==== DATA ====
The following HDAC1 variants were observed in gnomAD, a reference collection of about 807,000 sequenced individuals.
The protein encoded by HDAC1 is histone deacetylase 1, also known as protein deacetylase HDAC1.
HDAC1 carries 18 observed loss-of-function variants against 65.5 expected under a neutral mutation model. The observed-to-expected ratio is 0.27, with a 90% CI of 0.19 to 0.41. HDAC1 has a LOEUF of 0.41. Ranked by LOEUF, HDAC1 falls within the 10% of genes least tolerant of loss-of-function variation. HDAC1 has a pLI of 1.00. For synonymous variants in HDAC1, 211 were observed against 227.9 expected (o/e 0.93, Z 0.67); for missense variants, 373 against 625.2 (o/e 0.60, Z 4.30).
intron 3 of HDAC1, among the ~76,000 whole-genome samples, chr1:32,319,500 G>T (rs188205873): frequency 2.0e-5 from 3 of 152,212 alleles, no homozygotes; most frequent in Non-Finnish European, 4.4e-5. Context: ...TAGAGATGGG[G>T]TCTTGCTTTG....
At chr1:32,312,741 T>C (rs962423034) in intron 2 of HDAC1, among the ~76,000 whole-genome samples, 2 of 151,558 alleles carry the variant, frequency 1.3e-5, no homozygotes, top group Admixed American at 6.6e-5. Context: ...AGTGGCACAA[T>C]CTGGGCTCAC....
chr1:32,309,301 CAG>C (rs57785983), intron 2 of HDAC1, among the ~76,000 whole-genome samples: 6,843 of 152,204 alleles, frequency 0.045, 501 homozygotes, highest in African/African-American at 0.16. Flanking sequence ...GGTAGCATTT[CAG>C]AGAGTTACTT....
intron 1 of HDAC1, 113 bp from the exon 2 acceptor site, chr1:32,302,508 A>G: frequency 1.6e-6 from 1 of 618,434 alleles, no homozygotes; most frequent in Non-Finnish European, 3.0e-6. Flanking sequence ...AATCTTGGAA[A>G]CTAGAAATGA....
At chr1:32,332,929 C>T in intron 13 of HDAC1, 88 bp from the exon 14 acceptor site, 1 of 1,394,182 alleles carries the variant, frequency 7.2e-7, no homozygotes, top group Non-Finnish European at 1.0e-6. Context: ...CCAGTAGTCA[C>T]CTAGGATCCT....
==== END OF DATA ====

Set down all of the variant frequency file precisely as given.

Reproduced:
The following HDAC1 variants were observed in gnomAD, a reference collection of about 807,000 sequenced individuals.
The protein encoded by HDAC1 is histone deacetylase 1, also known as protein deacetylase HDAC1.
HDAC1 carries 18 observed loss-of-function variants against 65.5 expected under a neutral mutation model. The observed-to-expected ratio is 0.27, with a 90% CI of 0.19 to 0.41. HDAC1 has a LOEUF of 0.41. Ranked by LOEUF, HDAC1 falls within the 10% of genes least tolerant of loss-of-function variation. HDAC1 has a pLI of 1.00. For synonymous variants in HDAC1, 211 were observed against 227.9 expected (o/e 0.93, Z 0.67); for missense variants, 373 against 625.2 (o/e 0.60, Z 4.30).
intron 3 of HDAC1, among the ~76,000 whole-genome samples, chr1:32,319,500 G>T (rs188205873): frequency 2.0e-5 from 3 of 152,212 alleles, no homozygotes; most frequent in Non-Finnish European, 4.4e-5. Context: ...TAGAGATGGG[G>T]TCTTGCTTTG....
At chr1:32,312,741 T>C (rs962423034) in intron 2 of HDAC1, among the ~76,000 whole-genome samples, 2 of 151,558 alleles carry the variant, frequency 1.3e-5, no homozygotes, top group Admixed American at 6.6e-5. Context: ...AGTGGCACAA[T>C]CTGGGCTCAC....
chr1:32,309,301 CAG>C (rs57785983), intron 2 of HDAC1, among the ~76,000 whole-genome samples: 6,843 of 152,204 alleles, frequency 0.045, 501 homozygotes, highest in African/African-American at 0.16. Flanking sequence ...GGTAGCATTT[CAG>C]AGAGTTACTT....
intron 1 of HDAC1, 113 bp from the exon 2 acceptor site, chr1:32,302,508 A>G: frequency 1.6e-6 from 1 of 618,434 alleles, no homozygotes; most frequent in Non-Finnish European, 3.0e-6. Flanking sequence ...AATCTTGGAA[A>G]CTAGAAATGA....
At chr1:32,332,929 C>T in intron 13 of HDAC1, 88 bp from the exon 14 acceptor site, 1 of 1,394,182 alleles carries the variant, frequency 7.2e-7, no homozygotes, top group Non-Finnish European at 1.0e-6. Context: ...CCAGTAGTCA[C>T]CTAGGATCCT....